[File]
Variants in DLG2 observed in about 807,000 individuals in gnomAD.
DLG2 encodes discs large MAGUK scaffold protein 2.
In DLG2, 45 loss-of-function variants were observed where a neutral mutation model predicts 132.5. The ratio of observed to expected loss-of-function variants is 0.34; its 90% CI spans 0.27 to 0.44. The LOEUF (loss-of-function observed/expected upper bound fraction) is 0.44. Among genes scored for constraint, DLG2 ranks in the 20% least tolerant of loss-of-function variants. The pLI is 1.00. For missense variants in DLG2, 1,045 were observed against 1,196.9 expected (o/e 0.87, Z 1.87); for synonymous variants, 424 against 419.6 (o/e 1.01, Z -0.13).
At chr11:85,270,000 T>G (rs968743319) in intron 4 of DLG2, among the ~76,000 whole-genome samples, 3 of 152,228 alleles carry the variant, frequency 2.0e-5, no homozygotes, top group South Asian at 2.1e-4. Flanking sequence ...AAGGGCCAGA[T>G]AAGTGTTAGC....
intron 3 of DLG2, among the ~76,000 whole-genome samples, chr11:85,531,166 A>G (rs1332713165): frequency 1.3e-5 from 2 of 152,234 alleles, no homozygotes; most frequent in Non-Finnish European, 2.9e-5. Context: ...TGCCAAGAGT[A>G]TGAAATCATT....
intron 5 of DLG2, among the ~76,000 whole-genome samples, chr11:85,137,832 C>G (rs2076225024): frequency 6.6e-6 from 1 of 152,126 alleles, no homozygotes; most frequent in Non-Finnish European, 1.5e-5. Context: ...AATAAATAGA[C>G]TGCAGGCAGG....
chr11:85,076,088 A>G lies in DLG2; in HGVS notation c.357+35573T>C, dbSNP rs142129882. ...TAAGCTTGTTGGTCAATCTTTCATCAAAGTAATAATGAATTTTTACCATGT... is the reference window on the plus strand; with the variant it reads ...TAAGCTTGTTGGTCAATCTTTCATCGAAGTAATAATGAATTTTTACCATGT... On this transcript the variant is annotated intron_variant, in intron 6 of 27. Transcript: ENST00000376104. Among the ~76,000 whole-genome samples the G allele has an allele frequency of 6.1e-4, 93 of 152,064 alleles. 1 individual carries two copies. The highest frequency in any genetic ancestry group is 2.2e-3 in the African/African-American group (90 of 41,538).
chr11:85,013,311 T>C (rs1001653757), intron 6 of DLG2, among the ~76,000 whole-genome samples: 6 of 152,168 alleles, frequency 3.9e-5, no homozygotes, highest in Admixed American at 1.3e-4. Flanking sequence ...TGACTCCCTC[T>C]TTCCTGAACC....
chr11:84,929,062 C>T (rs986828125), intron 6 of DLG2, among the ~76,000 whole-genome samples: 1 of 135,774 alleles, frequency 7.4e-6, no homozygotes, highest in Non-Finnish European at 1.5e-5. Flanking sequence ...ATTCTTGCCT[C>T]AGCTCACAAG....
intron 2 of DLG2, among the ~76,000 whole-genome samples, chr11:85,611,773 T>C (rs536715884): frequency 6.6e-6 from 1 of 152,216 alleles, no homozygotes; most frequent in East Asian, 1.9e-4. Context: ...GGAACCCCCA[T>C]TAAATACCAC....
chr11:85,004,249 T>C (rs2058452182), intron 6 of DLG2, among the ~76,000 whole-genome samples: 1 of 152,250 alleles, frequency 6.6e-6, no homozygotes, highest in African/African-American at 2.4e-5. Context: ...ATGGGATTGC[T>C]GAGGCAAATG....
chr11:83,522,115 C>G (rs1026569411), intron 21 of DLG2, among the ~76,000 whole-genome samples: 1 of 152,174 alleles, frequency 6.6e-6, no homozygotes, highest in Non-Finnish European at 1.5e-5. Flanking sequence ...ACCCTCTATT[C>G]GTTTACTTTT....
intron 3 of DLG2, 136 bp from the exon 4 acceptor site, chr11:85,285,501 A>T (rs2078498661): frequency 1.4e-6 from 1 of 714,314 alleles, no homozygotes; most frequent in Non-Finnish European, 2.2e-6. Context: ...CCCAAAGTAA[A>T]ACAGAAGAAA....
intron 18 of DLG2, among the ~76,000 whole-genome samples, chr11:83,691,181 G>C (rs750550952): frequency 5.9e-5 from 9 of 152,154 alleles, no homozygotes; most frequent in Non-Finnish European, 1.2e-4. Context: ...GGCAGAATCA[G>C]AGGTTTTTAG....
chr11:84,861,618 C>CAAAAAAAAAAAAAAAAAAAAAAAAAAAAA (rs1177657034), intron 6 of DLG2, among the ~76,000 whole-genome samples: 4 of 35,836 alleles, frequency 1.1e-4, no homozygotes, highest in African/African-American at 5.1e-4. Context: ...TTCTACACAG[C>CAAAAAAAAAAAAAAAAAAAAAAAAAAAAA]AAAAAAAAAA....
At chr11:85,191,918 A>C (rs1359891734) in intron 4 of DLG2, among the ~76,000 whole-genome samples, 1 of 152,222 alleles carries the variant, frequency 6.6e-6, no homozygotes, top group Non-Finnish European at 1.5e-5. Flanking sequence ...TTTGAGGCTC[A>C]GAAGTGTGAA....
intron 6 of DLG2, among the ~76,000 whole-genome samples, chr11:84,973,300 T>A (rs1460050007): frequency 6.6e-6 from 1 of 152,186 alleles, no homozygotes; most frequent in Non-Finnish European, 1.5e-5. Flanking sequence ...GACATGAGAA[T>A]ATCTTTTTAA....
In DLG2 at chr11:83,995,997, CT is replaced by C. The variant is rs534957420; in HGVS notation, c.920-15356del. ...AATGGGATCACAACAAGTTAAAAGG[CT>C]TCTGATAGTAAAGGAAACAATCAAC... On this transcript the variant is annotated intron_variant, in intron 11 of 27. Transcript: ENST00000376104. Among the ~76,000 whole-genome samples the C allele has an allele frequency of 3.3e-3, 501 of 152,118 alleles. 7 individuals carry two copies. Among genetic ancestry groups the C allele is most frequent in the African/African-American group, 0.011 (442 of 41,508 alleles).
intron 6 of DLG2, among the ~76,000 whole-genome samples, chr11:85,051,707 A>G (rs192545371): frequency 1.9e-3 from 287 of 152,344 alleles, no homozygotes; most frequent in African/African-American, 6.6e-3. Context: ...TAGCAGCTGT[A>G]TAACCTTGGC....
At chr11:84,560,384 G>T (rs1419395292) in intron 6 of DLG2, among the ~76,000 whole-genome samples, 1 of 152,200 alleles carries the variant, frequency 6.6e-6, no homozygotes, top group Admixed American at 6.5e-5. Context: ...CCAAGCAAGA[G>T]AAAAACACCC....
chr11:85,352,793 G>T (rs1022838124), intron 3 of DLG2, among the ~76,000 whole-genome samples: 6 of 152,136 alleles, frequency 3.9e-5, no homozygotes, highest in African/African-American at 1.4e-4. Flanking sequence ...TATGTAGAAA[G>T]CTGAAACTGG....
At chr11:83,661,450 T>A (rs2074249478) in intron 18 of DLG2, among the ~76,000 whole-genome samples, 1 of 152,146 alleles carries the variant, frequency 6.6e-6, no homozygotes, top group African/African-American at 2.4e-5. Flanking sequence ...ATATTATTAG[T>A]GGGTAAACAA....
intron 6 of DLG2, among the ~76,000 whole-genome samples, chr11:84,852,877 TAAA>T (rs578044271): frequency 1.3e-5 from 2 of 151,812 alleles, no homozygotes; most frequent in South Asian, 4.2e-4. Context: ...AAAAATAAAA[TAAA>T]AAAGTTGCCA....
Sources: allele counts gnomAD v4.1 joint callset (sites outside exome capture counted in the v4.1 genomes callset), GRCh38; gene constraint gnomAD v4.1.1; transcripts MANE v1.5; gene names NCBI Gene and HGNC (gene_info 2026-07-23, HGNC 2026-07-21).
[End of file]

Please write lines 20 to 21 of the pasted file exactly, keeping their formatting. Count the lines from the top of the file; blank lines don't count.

At chr11:84,560,384 G>T (rs1419395292) in intron 6 of DLG2, among the ~76,000 whole-genome samples, 1 of 152,200 alleles carries the variant, frequency 6.6e-6, no homozygotes, top group Admixed American at 6.5e-5. Context: ...CCAAGCAAGA[G>T]AAAAACACCC....
chr11:85,352,793 G>T (rs1022838124), intron 3 of DLG2, among the ~76,000 whole-genome samples: 6 of 152,136 alleles, frequency 3.9e-5, no homozygotes, highest in African/African-American at 1.4e-4. Flanking sequence ...TATGTAGAAA[G>T]CTGAAACTGG....